Labour’s Corbyn pledges to ‘democratise the internet’

Labour leader Jeremy Corbyn has launched a manifesto for digital democracy across the UK, mooting online voting and a single, secure identity for people to access public services.

Labour leader Jeremy Corbyn used his speech to highlight his campaign’s use of social media – Photo credit: PA Images

In a speech in East London today, Corbyn – who is campaigning for continued leadership of the Labour party following a contest by Owen Smith – set out a range of digital policies.

Corbyn said that it was “not fair” that people in London can get 4G anywhere, when in rural areas they “can’t even get single bar reception”.

This, he said, was not trivial and a barrier to learning, to business and a source of social and economic isolation. As such, he said he wanted to see nationwide high-speed broadband.

Corbyn also called for an increased use of technology in policymaking and democracy, including the creation of a ‘digital citizen passport’.

This would be a voluntary scheme to provide British citizens with a “secure and portable identity for their on-line activities” for them to use when interacting with public services for health, welfare, education and housing.

Corbyn noted in his speech that some local authorities already provide a central access point for residents who need to use the council’s services.

However, such citizen portals have come in for criticism; recently FutureGov co-director Carrie Bishop said that they were unintuitive and built for business processes, not user needs, and needed to be redesigned.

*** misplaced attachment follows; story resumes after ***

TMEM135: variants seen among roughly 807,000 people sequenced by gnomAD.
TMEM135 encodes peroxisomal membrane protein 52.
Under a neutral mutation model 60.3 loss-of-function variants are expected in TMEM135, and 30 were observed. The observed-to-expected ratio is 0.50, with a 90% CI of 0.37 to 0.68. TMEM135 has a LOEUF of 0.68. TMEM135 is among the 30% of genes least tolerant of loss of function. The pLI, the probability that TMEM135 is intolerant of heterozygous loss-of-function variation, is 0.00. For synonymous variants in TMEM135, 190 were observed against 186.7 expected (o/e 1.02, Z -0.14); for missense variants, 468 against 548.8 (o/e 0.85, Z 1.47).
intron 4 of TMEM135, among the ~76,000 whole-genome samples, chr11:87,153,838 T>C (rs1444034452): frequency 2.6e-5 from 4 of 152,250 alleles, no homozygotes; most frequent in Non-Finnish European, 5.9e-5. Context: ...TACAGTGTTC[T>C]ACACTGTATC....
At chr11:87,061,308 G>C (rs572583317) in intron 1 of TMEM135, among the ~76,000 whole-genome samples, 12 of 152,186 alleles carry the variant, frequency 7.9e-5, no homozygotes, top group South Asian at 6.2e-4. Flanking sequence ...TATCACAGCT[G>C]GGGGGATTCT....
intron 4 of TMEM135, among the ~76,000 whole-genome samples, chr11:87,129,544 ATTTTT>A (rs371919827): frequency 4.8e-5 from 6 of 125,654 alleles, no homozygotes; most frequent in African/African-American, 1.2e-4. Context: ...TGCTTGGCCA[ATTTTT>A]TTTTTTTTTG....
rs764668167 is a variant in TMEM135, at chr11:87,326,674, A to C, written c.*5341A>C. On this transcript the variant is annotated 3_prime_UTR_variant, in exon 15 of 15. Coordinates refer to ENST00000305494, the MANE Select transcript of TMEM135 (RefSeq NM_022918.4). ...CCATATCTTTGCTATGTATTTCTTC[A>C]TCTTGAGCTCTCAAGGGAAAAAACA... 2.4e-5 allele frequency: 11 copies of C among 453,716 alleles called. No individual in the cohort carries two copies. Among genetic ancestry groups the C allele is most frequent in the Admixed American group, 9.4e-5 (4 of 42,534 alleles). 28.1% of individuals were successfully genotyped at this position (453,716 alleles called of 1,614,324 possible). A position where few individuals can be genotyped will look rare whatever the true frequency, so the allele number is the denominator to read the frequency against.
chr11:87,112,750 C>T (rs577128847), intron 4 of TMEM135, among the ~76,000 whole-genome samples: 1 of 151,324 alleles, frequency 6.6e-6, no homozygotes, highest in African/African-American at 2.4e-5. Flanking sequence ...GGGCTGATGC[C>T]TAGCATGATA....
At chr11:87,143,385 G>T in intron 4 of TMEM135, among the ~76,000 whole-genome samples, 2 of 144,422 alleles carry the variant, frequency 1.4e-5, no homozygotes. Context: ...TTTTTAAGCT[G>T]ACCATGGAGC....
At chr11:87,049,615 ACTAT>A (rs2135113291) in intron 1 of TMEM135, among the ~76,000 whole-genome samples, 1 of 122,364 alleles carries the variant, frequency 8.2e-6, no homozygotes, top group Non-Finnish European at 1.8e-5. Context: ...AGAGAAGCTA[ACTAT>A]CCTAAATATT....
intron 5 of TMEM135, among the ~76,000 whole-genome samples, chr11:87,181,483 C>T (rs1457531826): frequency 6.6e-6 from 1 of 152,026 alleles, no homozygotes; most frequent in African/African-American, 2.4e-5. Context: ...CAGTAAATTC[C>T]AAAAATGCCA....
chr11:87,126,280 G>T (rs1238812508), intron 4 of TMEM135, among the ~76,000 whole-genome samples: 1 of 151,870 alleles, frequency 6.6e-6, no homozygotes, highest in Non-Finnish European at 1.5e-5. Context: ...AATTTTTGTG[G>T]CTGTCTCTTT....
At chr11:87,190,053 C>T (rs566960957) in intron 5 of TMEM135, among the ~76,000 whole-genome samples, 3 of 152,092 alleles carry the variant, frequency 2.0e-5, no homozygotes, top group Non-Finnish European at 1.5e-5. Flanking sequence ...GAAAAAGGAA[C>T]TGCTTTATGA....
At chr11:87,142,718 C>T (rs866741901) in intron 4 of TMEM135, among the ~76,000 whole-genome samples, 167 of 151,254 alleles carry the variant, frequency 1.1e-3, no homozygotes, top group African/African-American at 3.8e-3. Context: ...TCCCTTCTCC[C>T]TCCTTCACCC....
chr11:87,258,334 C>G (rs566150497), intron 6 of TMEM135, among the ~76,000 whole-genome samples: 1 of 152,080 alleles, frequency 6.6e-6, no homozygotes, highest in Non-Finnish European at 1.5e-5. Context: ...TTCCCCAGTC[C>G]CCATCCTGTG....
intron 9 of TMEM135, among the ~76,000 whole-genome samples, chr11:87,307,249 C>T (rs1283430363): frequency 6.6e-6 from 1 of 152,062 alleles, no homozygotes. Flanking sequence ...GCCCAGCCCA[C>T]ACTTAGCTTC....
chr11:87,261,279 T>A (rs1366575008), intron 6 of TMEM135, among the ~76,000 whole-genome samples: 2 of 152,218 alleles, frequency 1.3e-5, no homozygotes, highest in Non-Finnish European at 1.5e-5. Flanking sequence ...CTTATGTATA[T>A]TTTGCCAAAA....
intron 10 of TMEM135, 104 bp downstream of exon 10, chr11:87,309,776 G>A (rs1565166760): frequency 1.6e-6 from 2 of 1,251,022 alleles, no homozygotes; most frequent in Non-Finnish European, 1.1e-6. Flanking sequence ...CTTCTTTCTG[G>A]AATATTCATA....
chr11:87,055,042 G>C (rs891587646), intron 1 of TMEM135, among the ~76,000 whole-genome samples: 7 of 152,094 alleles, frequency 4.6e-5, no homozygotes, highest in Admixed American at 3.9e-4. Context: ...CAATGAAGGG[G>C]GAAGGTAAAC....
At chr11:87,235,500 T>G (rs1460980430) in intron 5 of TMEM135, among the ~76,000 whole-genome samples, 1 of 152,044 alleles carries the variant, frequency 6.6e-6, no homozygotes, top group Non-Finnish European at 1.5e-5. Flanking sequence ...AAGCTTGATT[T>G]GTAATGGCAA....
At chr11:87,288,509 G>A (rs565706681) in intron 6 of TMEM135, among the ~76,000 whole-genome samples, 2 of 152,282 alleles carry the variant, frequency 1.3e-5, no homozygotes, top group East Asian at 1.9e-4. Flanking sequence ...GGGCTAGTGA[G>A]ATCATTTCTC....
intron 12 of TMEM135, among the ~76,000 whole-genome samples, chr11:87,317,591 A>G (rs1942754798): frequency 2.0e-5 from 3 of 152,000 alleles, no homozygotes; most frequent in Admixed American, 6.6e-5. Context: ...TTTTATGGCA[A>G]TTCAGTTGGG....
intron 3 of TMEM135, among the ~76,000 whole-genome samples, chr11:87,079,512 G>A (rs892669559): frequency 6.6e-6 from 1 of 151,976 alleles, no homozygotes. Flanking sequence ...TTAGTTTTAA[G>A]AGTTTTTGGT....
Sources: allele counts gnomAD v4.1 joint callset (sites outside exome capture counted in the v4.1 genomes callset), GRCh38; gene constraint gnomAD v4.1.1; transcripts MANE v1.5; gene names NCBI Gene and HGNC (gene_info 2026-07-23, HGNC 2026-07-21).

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Corbyn also used his speech to propose a People’s Charter of Digital Liberty Rights, developed through a public consultation to create a digital bill of rights, and to use digital technologies to encourage people to join in the democratic process.

Corbyn set out plans for what Labour described as “massive multi-person online deliberation” – a way of using IT systems to help people interact and discuss political issues and help devise new legislation.

“And if we can be sure of reliability, we will look to open up digital voting,” Corbyn added. “But that will be open to the widest possible consultation.”

He also said that all publicly-funded software and hardware would be released under an open source licence and that the National Investment Bank and regional banks would help finance social enterprises whose products aim to minimise the costs of connecting producers with consumers to boost the British economy.

Labour can’t win with ‘methods of the past’

Addressing his party’s poor performance at the previous two general elections, Corbyn said that Labour would not win the next by relying on “methods of the past”.

Instead, he emphasised that digital technologies must be used to increase the party’s support, and highlighted his own campaign’s use of social media as evidence that he would be best placed to lead Labour into the next general election.

“My leadership campaign is leading the way in harnessing the advances of new technology to organise political campaigning like we’ve never seen before,” Corbyn said.

He added that a general election campaign under him would “channel this new energy and creativity” to get Labour back into government.

Corbyn pointed to his campaign’s phone canvassing app, which helps volunteers contact voters and was inspired by Bernie Sanders’ campaign in the US, as an example of the future of political campaigning in the UK. Corbyn said that the Sanders campaign mobilised more than just Sanders’ base, instead appealing to other groups.

Corbyn’s speech comes as leadership ballot papers will be sent to all Labour party members. The closing date for votes is 21 September and the results will be announced at the Labour conference on 24 September. 


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